Acid reflux occurs when acidic contents from the stomach leak up into the esophagus, a muscular tube connecting the throat to the stomach.
The stomach and esophagus are joined by a muscular band called the Esophageal Sphincter. This is a circular band that allows food and saliva to pass into the stomach while preventing the acidic contents of the stomach from rising back up into the esophagus.
The esophageal sphincter is typically in a tightened, closed state. When food travels down the esophagus, the sphincter temporarily releases to allow food and saliva to pass through. Once food has passed into the stomach, the sphincter tightens again to prevent the contents of the stomach from rising back up into the esophagus. Therefore, if the sphincter relaxes abnormally or weakens, the acidic contents of the stomach can enter the esophagus, This causes acid reflux.
The stomach is lined with cells that produce acid to help with food digestion. While the contents of the stomach are extremely acidic, the stomach itself is protected by a mucous lining. This mucus lining is also produced by the cells that line the stomach and provides a barrier to protect the stomach itself from its highly acidic environment. The esophagus, however, does not contain a protective lining. For this reason, if the acidic contents of the stomach rise up into the esophagus, symptoms of acid reflux may occur.
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What Causes Acid Reflux?
There are many factors that can cause or worsen the symptoms of acid reflux. The most common causes are:
1. Eating Large Meals
Eating large meals can put added pressure on the stomach and esophageal sphincter, increasing the chances of experiencing reflux. Avoid over-eating by eating small, frequent meals and snacks throughout the day, every 3-4 hours.
2. Lying Down After Meals
It is quite obvious why gravity would affect the stomach’s content. When a person lies down after a meal, gravity is no longer helping to keep the stomach contents from rising up into the esophagus. This increases the likelihood that someone will experience reflux after eating. Try to avoid slouching or lying down for at least 30 minutes after a meal. If you experience nighttime reflux, aim to have your largest meal at least 3 hours prior to bedtime.
3. Hiatal Hernia
A hiatal hernia occurs when the top of the stomach moves up into the chest cavity through an opening in the diaphragm. The diaphragm is a muscle that sits at the base of the chest and separates the abdominal cavity from the chest cavity. The diaphragm has an opening to allow the esophagus to extend through the chest cavity to the stomach. When a portion of the stomach moves into this opening, a hiatal hernia occurs.
A hiatal hernia can cause the acidic contents of the stomach to back up into the esophagus, causing symptoms of acid reflux. Symptoms of a hiatal hernia include discomfort, burping, belching, nausea, vomiting, and regurgitation of acids.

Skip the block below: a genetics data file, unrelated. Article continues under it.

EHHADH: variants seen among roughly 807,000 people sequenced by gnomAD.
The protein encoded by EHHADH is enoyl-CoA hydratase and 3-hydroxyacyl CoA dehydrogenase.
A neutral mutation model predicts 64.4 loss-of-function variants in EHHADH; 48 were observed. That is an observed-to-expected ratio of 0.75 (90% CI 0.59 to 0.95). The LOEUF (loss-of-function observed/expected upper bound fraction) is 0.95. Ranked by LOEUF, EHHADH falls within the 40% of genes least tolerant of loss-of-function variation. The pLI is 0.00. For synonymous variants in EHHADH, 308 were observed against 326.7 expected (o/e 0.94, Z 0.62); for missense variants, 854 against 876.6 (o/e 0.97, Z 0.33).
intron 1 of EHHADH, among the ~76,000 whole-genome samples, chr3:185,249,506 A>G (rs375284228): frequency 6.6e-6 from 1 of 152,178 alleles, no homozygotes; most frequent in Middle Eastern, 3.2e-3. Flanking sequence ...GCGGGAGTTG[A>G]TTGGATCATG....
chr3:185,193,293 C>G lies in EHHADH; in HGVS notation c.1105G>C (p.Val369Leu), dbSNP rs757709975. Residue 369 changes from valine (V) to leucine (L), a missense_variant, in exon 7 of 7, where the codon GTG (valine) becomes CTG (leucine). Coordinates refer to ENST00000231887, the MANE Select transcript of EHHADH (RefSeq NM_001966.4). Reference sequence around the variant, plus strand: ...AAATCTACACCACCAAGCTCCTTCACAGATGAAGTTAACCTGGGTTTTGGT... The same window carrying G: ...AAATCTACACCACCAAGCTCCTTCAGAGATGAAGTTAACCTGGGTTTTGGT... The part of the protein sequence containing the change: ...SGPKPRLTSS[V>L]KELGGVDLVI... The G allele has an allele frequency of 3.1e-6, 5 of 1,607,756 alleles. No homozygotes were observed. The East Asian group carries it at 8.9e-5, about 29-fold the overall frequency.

The causes of a hiatal hernia are unclear but may be caused by a weakening of the diaphragm due to age, trauma or injury to the diaphragm, or persistent pressure caused by chronic coughing, heavy lifting, or vomiting.
Smoking has been linked to increased acid reflux symptoms for several reasons.
First, smoking can relax certain muscles in the body, including the esophageal sphincter needed to prevent reflux. When this muscle relaxes, there is an increased chance that the acidic contents of the stomach will back up into the esophagus and cause reflux.
Smokers are also known to produce less saliva than non-smokers. This can increase acid reflux because saliva contains bicarbonate which naturally helps to neutralize the acidity of its environment as it travels from mouth to stomach.
People with asthma are at a higher risk of developing chronic acid reflux, or GERD. Though studies have shown a consistent link between asthma and GERD, the exact relationship is unclear.
One theory is that asthma can cause the esophageal sphincter to relax, increasing the likelihood of acid reflux. Some asthma medications have also been linked to an increased likelihood of acid reflux. GERD may also worsen asthma symptoms.
Chronic reflux can irritate the esophagus and lung tissues over time, making it difficult to breathe. In addition, acidic contents entering the lungs can stimulate the nerves, causing bronchial constriction. Treatment of GERD in patients with asthma is the same as those without. In most cases, GERD symptoms can be managed well with lifestyle changes and over-the-counter medications.
6. Certain Foods
There are many foods linked to the symptoms of acid reflux. Such foods include:
- Fatty foods
- Caffeinated products
- Citrus fruit
- Citrus juices
- Carbonated drinks
- Cabbage and beans
- Brussels sprouts
- Acidic foods
Each individual may experience a variety of food triggers of acid reflux. However, the most common food triggers of acid reflux are spicy foods and high-fat meals. If you are struggling to identify your food triggers of acid reflux, try keeping a diary with a list of the food and beverages you have consumed as well as your symptoms.
Be sure to seek medical advice if your symptoms are frequent and/or severe.
- American Academy of Allergy Asthma & Immunology. https://www.aaaai.org/conditions-and-treatments/related-conditions/gastroesophageal-reflux-disease
- Diagnosis and Management of Gastroesophageal Reflux Disease (2013). https://gi.org/guideline/diagnosis-and-managemen-of-gastroesophageal-reflux-disease/
- Dyspepsia, Peptic Ulcer Disease, and Esophageal Reflux Disease (2002). https://www.ncbi.nlm.nih.gov/pmc/articles/PMC1071675/
- Gastroesophageal Reflux (2018). https://www.eatright.org/health/wellness/digestive-health/gastroesophageal-reflux
- Mechanism of Acid Reflux Associated with Cigarette Smoking(1990). https://www.ncbi.nlm.nih.gov/pmc/articles/PMC1378332/